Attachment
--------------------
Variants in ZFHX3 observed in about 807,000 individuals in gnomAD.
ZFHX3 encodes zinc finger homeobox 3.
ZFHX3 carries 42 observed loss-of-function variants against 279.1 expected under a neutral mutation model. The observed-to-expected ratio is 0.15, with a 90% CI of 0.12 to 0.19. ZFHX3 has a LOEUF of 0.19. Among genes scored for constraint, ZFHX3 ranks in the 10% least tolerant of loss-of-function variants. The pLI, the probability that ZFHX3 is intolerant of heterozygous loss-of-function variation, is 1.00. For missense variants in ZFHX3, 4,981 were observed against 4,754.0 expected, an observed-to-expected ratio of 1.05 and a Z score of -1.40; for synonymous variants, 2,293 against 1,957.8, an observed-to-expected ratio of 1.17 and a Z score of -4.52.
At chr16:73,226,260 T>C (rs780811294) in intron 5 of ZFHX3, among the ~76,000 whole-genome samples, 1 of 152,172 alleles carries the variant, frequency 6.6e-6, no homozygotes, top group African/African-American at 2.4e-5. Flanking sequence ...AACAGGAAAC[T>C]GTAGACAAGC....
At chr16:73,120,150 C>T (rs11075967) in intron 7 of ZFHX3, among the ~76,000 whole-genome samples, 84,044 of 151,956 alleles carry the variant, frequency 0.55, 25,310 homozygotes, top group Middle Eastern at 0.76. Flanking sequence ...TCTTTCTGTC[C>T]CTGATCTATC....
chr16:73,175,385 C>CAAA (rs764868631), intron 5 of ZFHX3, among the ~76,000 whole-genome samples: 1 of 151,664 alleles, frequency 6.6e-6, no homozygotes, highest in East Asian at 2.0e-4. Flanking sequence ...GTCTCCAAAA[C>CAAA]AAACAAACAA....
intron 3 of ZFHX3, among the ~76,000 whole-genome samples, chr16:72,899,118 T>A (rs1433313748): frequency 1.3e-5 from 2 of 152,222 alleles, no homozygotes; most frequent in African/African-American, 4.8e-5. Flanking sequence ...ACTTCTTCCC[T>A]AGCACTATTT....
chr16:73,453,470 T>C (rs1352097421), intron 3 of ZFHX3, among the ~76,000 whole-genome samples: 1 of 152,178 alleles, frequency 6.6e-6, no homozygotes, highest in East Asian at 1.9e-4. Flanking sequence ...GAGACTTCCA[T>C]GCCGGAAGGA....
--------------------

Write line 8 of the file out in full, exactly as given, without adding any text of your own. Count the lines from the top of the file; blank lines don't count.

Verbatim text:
chr16:73,453,470 T>C (rs1352097421), intron 3 of ZFHX3, among the ~76,000 whole-genome samples: 1 of 152,178 alleles, frequency 6.6e-6, no homozygotes, highest in East Asian at 1.9e-4. Flanking sequence ...GAGACTTCCA[T>C]GCCGGAAGGA....